Shortly after conceiving the idea of what she calls "the closet in the cloud", she went to see the president of prestigious US department store Neiman Marcus to ask him what he thought of it. "He told me customers had been renting the runway from him for decades," she says. "It's called buying a dress, keeping the tags on, then returning them. He said the No. 1 return date is January 2. The same women were then going downstairs and buying 10 pairs of shoes; in other words, they were his best customers. I thought, 'I can take away this piece of business – the negative-margin customer – he doesn't care about.' "
In its first week of business in 2009, 100,000 women signed up to use Rent the Runway. Then something really interesting happened: the women who were using the service four or five times a year to hire a dress for a special occasion told Hyman and her team that going to work – not parties – was the biggest occasion in their lives and there was a huge financial, emotional and time-based tax attached to dressing appropriately for their jobs every day. They'd enjoyed their ice-cream sundaes; now they wanted meat and potatoes, too.
"That question, 'Can you enable me to rent for work?' really was the birth of our subscription products," Hyman tells Solomon. "Now, two-and-a-half years later, the average subscriber is wearing us 120 days a year as a substitution for going into her own closet or buying.
"Hey, I have data saying the average American is only buying coffee 85 days a year!" she hoots. More than 60 per cent of Rent the Runway's revenue today comes from its subscription model. At the end of March, just as Hyman was preparing to go on maternity leave, Rent the Runway was valued at more than $US1 billion and granted unicorn status, an accolade only awarded to US start-ups that reach this figure. "I want to put Zara out of business," she told Bloomberg at the end of 2017.
Dean Jones and Audrey Khaing-Jones from GlamCorner, whose inventory has surged from 40 dresses when the business started in 2012 to more than 12,000 today.Credit:James Brickwood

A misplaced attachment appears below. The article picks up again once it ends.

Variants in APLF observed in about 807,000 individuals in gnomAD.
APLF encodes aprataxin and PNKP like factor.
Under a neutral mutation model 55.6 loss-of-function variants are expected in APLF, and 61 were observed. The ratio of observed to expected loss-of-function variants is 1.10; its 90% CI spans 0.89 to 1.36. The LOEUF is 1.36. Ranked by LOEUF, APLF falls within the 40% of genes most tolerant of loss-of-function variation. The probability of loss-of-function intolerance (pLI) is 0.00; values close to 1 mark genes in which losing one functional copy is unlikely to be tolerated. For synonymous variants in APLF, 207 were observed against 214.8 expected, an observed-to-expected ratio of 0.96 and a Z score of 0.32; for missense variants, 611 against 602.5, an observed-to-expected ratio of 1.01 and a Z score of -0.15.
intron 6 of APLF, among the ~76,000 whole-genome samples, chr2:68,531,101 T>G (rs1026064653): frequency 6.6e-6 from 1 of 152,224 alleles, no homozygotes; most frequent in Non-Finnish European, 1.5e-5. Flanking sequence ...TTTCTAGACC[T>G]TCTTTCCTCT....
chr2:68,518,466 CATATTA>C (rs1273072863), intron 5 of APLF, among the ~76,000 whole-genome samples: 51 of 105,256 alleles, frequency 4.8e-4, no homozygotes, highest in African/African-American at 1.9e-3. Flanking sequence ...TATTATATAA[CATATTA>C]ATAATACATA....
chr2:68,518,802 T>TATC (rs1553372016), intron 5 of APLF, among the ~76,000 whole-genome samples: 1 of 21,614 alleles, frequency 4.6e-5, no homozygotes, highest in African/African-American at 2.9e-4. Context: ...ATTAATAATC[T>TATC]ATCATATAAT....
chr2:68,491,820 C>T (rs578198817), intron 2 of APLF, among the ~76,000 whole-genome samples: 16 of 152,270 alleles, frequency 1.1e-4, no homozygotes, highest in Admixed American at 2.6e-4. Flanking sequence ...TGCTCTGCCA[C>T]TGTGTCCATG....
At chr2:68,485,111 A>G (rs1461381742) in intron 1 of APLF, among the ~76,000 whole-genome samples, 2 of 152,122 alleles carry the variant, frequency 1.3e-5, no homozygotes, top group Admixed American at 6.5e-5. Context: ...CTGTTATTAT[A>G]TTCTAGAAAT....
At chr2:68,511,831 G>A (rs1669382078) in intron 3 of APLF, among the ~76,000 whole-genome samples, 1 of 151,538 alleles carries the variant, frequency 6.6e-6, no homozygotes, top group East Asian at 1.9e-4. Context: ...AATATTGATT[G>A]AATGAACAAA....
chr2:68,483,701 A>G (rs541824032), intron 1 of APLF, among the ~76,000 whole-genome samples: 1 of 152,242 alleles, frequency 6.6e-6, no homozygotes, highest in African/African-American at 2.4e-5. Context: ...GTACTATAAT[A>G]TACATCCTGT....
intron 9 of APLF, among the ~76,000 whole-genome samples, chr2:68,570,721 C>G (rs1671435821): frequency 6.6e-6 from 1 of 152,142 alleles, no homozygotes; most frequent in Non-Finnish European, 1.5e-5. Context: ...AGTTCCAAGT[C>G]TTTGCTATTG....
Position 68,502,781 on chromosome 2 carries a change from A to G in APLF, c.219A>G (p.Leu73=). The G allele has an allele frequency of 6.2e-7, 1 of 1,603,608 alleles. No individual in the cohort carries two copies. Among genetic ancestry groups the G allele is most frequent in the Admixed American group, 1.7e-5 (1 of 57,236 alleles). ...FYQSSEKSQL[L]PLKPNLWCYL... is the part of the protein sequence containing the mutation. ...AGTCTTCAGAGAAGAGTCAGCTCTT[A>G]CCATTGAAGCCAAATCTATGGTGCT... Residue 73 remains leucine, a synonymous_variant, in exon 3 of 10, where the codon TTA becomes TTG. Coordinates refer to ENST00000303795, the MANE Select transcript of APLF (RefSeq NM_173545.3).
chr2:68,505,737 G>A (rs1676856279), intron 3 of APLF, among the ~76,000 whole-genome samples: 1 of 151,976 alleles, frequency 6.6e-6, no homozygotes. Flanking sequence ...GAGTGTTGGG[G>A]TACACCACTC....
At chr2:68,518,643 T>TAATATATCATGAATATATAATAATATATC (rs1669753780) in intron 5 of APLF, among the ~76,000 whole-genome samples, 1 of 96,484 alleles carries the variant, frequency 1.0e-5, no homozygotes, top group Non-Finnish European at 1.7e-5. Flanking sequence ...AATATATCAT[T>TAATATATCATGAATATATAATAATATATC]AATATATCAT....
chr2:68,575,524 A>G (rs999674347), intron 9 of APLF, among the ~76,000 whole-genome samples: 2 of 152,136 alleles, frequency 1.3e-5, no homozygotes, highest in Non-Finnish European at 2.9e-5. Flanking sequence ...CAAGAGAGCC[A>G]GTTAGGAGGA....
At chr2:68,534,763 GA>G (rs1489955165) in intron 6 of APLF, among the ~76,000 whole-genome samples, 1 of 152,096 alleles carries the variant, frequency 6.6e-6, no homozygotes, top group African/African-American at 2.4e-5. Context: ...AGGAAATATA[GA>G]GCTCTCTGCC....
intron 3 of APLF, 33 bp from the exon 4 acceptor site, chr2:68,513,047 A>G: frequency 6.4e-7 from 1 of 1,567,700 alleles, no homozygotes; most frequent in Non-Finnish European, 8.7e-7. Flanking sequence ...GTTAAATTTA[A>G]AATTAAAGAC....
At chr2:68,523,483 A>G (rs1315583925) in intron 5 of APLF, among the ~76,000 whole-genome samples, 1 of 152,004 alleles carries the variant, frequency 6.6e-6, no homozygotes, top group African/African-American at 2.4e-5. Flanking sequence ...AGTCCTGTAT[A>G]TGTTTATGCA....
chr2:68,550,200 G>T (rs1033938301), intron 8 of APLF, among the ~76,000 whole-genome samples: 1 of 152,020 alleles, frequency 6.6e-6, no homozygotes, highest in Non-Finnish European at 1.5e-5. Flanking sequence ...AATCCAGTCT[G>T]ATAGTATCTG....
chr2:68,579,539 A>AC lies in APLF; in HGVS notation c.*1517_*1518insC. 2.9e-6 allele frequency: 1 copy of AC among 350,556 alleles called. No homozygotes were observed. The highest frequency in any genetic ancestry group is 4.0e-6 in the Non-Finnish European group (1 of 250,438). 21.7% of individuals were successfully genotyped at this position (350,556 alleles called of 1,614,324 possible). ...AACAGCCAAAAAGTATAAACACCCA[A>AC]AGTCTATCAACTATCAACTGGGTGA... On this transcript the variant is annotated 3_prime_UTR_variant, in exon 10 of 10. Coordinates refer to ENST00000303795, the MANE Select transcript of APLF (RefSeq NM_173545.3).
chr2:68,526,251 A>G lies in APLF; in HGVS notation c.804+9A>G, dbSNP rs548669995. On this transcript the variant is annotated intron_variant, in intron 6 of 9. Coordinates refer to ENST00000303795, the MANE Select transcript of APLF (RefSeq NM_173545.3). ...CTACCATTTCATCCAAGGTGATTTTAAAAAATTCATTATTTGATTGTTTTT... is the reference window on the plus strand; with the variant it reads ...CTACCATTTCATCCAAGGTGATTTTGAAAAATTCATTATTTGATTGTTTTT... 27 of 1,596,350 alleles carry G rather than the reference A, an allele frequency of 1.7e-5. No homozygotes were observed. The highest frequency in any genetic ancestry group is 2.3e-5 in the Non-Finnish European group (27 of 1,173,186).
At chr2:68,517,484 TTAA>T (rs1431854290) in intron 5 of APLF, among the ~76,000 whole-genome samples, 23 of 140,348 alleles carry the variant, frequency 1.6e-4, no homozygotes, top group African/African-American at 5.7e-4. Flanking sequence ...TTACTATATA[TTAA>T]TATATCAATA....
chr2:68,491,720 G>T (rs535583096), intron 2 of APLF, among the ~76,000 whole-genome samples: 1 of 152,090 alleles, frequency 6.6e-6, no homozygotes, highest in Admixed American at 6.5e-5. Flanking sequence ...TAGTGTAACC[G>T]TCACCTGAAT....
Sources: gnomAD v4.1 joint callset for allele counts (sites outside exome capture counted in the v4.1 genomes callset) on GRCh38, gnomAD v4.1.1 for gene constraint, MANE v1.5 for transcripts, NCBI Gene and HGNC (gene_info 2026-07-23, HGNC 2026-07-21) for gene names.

Audrey Khaing-Jones and her husband, Dean Jones, are as warm and wholesome-looking as a pair of biscuits straight out of the oven; they're also co-founders of Australia's leading dress rental business, GlamCorner. When it started trading in 2012, it had an inventory of 40 dresses; now it has more than 12,000 by upwards of 200 designers with a collective worth of $80 million. Its number of active customers is in the "many thousands", says Jones; revenue is in the "tens of millions".
He shows me around GlamCorner's premises, home to 60 employees, inside a thrumming warehouse in Sydney's Alexandria. Racks of dresses snake around one room like a conga line on freeze-frame, while, down a flight of stairs in an adjacent space, an obsessive quality-control team manages, with the help of 16 commercial washing machines, the miraculous transubstantiation of dirty, incoming returns to box-fresh, outgoing product that's ready to ship again in just four hours. "We never thought we'd be in the laundry business when we started out, but here we are!" says Jones. "Some 20 to 30 per cent of incoming items leave us the same day they come back." A single garment, he tells me, has a lifespan of about 20 wears: when it can no longer serve its purpose here, it's either on-sold or sent to charity.
Khaing-Jones and Jones met at Sydney University in the first semester of their first term. She was studying accounting and finance, he marketing and finance. "From the get go, I could see what an adventurous and unique person she was," says Jones. "She grew up in Myanmar under a military dictatorship, which stifled any kind of entrepreneurial aspirations. She saw so much opportunity in Australia. She was exciting to be around."
After graduating, Khaing-Jones went into financial planning, while Jones became an investment banker. "Suddenly, every weekend, it seemed, we had to go to some event: an engagement party, a bridal shower, a wedding," says Khaing-Jones in her charmingly accented English. "I really started to feel the pressure of, 'What am I going to wear?', 'Will I be appropriately dressed?', 'Will I fit in?' My background in Yangon was hand-me-downs and make-do-and-mend: I didn't have any fashion experience. It was really stressful."
One day, she typed "rent a dress" into Google and discovered Rent the Runway. She wondered if there was a company offering the same service in Australia. "There were the traditional, formal boutiques here, but I didn't want a gown," she says. "I just wanted a beautiful, simple dress."
And so it began – with a Facebook page. Their hope was that GlamCorner would be a nice little earner on the side. By the end of 2014, though, it had become clear they were going to need to give up their well-paid jobs to manage the business full-time.